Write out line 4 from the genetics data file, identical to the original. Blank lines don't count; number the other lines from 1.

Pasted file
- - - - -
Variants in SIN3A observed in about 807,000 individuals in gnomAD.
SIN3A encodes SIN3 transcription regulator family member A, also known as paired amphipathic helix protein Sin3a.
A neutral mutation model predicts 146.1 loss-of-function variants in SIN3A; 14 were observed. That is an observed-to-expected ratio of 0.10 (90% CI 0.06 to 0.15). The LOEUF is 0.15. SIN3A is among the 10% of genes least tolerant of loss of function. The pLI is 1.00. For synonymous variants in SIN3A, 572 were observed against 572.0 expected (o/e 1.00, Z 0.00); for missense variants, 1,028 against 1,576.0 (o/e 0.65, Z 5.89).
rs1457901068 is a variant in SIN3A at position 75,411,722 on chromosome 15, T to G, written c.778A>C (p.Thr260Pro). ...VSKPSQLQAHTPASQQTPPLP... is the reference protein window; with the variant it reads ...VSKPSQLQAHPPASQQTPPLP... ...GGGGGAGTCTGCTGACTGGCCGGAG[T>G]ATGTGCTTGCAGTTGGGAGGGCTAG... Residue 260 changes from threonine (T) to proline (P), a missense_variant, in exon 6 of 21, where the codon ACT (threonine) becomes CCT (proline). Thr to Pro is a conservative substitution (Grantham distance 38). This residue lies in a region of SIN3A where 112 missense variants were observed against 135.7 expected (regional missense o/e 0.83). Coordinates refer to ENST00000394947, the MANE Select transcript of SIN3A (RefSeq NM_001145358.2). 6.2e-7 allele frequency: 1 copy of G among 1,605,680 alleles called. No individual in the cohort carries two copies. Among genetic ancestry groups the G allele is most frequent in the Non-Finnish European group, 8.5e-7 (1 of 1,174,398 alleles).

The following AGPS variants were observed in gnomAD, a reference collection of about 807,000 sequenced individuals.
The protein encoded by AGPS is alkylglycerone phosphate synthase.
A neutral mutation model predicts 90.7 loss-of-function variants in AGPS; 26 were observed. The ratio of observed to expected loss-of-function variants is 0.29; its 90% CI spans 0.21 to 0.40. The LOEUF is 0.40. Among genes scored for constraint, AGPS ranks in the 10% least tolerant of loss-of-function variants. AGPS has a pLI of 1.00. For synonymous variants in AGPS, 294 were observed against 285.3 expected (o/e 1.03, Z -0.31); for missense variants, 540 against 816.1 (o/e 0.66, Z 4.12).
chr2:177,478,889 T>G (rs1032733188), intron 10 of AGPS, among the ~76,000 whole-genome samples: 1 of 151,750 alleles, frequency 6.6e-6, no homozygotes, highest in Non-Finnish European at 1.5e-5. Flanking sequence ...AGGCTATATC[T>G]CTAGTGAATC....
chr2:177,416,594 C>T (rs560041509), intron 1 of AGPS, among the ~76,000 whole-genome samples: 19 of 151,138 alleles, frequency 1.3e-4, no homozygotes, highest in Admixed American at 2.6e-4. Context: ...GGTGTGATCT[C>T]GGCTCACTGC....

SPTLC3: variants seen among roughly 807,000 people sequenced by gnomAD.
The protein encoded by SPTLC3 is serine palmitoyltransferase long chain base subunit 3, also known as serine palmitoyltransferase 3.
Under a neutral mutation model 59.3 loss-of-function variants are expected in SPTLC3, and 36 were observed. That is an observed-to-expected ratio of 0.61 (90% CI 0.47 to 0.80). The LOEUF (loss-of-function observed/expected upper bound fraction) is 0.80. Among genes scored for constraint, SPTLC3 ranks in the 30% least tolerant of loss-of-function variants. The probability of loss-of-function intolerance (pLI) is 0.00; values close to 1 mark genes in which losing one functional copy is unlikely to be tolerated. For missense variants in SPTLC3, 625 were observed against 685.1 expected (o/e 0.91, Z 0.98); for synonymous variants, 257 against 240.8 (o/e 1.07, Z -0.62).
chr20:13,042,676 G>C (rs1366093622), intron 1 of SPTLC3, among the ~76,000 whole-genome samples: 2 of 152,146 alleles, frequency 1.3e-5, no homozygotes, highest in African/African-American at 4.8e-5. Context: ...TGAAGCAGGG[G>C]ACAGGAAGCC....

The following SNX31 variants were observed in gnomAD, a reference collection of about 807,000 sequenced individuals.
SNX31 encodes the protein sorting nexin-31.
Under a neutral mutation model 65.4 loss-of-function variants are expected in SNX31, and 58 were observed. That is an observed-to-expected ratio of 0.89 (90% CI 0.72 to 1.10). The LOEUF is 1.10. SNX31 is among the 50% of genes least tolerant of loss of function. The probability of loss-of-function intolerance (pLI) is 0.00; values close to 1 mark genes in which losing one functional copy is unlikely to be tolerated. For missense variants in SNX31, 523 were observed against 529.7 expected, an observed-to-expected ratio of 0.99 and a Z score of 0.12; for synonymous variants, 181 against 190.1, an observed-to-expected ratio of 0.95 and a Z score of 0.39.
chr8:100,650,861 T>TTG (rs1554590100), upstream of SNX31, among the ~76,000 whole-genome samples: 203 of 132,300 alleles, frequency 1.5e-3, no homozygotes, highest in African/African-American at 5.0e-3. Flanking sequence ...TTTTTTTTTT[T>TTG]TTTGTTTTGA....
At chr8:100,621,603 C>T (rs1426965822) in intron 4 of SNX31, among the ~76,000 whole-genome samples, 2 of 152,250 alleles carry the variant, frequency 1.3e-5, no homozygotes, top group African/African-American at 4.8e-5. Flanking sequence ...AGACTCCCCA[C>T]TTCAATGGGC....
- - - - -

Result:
rs1457901068 is a variant in SIN3A at position 75,411,722 on chromosome 15, T to G, written c.778A>C (p.Thr260Pro). ...VSKPSQLQAHTPASQQTPPLP... is the reference protein window; with the variant it reads ...VSKPSQLQAHPPASQQTPPLP... ...GGGGGAGTCTGCTGACTGGCCGGAG[T>G]ATGTGCTTGCAGTTGGGAGGGCTAG... Residue 260 changes from threonine (T) to proline (P), a missense_variant, in exon 6 of 21, where the codon ACT (threonine) becomes CCT (proline). Thr to Pro is a conservative substitution (Grantham distance 38). This residue lies in a region of SIN3A where 112 missense variants were observed against 135.7 expected (regional missense o/e 0.83). Coordinates refer to ENST00000394947, the MANE Select transcript of SIN3A (RefSeq NM_001145358.2). 6.2e-7 allele frequency: 1 copy of G among 1,605,680 alleles called. No individual in the cohort carries two copies. Among genetic ancestry groups the G allele is most frequent in the Non-Finnish European group, 8.5e-7 (1 of 1,174,398 alleles).